PORT RICHEY, Fla. (WFLA) – Navy veteran Mike Kvintus of Port Richey got some good news.
Over the new year, the VA finally began processing and approving benefits for Vietnam Veterans who served in the Navy and claim they were exposed to the toxic defoliant Agent Orange.
“We have some of our members that notified us that they was awarded their claims already,” Kvintus explained. “I’m ecstatic, my wife’s ecstatic.”
Mike credits 8 On Your Side with helping to sway Congress to approve a bill restoring benefits the VA stripped from 90,000 Blue Water Navy Vietnam Veterans in 2002.
“We’ve had thousands and thousands of emails and calls to Congress but without people like you, and WFLA 8, you guys made this possible too and I thank you and I truly mean that,” Mike added.
The military sprayed millions of gallons of Agent Orange on Vietnam’s jungle growth. The defoliant seeped into streams and rivers, then into Vietnam’s harbors, bays, and territorial waters.
American ships turned the contaminated seawater into potable, using it to drink, cook and bathe.
An Australian study found the distillation process didn’t eliminate the herbicide’s chemicals, it enhanced them, exposing sailors to a more potent poison.
In 2016, Mike Kvintus reached out to 8 On Your Side to investigated how he and others were poisoned at sea.
8 On Your Side made several calls to members of Congress to find out where they stood on the issue.
Nearly 4 years and 2 dozen reports later, Congress passed the Blue Water Navy Vietnam Veterans Act of 2019. President Trump signed it.
That means after years of routine denials, the VA must now presume that if sailors who were on ships in Vietnam’s territorial waters develop any of these 14 diseases or illnesses:
- AL Amyloidosis
- Chronic B-cell Leukemias
- Diabetes Mellitus Type 2
- Hodgkin’s Disease
- Ischemic Heart Disease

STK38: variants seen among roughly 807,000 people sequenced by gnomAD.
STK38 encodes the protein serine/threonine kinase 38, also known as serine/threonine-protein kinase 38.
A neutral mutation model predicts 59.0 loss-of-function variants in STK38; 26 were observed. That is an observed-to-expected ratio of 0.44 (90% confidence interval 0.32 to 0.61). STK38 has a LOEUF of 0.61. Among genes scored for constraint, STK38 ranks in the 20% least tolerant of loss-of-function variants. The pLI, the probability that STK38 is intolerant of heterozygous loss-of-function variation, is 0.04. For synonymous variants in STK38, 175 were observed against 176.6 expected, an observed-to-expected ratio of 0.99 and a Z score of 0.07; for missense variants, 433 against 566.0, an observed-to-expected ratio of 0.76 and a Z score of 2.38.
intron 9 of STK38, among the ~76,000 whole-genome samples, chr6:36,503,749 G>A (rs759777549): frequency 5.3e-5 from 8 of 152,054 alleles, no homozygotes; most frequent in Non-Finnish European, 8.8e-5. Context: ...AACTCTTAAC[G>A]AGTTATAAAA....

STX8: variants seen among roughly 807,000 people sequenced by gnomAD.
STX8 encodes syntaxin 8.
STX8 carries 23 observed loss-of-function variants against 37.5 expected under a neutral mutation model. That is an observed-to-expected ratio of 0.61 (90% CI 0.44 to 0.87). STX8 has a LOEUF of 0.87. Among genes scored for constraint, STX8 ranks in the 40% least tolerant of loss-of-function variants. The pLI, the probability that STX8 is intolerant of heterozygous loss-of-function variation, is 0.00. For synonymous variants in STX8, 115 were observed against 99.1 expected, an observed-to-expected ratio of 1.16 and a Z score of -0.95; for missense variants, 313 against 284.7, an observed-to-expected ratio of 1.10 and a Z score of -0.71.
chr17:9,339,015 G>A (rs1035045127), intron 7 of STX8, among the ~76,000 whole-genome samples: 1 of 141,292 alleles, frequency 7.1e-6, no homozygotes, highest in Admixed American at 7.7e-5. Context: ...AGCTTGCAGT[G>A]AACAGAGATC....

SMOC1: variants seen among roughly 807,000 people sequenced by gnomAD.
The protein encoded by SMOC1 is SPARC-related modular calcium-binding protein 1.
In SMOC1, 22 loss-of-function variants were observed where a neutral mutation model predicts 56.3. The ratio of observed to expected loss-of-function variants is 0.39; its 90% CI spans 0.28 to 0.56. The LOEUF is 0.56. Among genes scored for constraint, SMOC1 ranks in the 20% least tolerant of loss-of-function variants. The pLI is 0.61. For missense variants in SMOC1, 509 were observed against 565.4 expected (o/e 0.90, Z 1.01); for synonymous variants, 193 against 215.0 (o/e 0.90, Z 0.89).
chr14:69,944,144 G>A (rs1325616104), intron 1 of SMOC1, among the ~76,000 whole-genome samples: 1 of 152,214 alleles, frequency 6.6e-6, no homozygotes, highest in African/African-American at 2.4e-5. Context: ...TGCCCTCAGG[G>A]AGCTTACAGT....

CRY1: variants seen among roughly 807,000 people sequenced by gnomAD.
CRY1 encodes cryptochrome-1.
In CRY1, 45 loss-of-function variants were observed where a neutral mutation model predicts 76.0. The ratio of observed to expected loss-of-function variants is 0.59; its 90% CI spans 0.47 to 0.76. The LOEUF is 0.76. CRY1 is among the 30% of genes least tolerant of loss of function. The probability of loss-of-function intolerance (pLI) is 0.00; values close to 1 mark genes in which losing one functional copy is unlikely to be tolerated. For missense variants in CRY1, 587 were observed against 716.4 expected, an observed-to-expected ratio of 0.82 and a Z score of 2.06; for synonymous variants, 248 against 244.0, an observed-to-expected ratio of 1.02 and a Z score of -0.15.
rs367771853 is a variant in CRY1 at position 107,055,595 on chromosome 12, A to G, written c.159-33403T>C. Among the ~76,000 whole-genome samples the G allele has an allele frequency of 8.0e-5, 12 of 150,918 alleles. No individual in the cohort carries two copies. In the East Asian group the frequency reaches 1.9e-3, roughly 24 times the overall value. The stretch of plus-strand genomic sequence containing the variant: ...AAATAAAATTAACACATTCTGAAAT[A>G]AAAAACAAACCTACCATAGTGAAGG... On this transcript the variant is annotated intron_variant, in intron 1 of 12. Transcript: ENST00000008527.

- Multiple Myeloma
- Non-Hodgkin’s Lymphoma
- Parkison’s Disease
- Peripheral Neuropathy
- Porphyria Cutanea Tarda
- Prostate Cancer
- Respiratory Cancers
- Soft Tissue Sarcomas
They are service-connected, making veterans eligible for health and disability benefits.
The VA then put a hold on processing claims that lasted several months.
A federal court ordered that the VA’s stay could go no longer than January 1st, 2020.
According to Mike Kvintus to qualify, veterans must show proof that they were on ships that were in Vietnam’s territorial waters by providing ship deck logs.
Kvintus, who now serves as the secretary for Military Veterans Advocacy, says MVA has many of them.
MVA led the fight for benefits for Blue Water Navy Veterans.
The new legislation exempts veterans who served on ships outside of the territorial sea. MVA Chairman of the Board John Wells says the organization is reviewing options and may take the VA to court over the limitation.
Military-Veterans Advocacy, in conjunction with our Blue Water Navy And Agent Orange Survivors of Guam, will conduct a seminar for veterans, VSOs and veterans attorneys on Feb. 1, at the Marriott Westshore in Tampa.
You can register to attend the event here.
If you know of something that you think should be investigated call our 8 On Your Side Helpline at 1 800 338-0808.
Contact Steve Andrews at firstname.lastname@example.org
PREVIOUS COVERAGE FROM STEVE ANDREWS:
- Court rules VA got it wrong denying benefits to Vietnam War Navy veterans
- Bill restoring Navy veterans’ rights hangs by a thread
- Benefits for thousands of Navy veterans depend on Georgia senator’s next move
- VA attempts to torpedo expanding Agent Orange benefits to thousands
- Tidal wave of support in U.S. House to extend Agent Orange benefits to Navy veterans of Vietnam war
- Vietnam era veterans and their children on cusp of expanded benefits
- Navy Vietnam veterans feeling betrayed march on VA
- New VA secretary ‘sucker punches’ Vietnam Navy veterans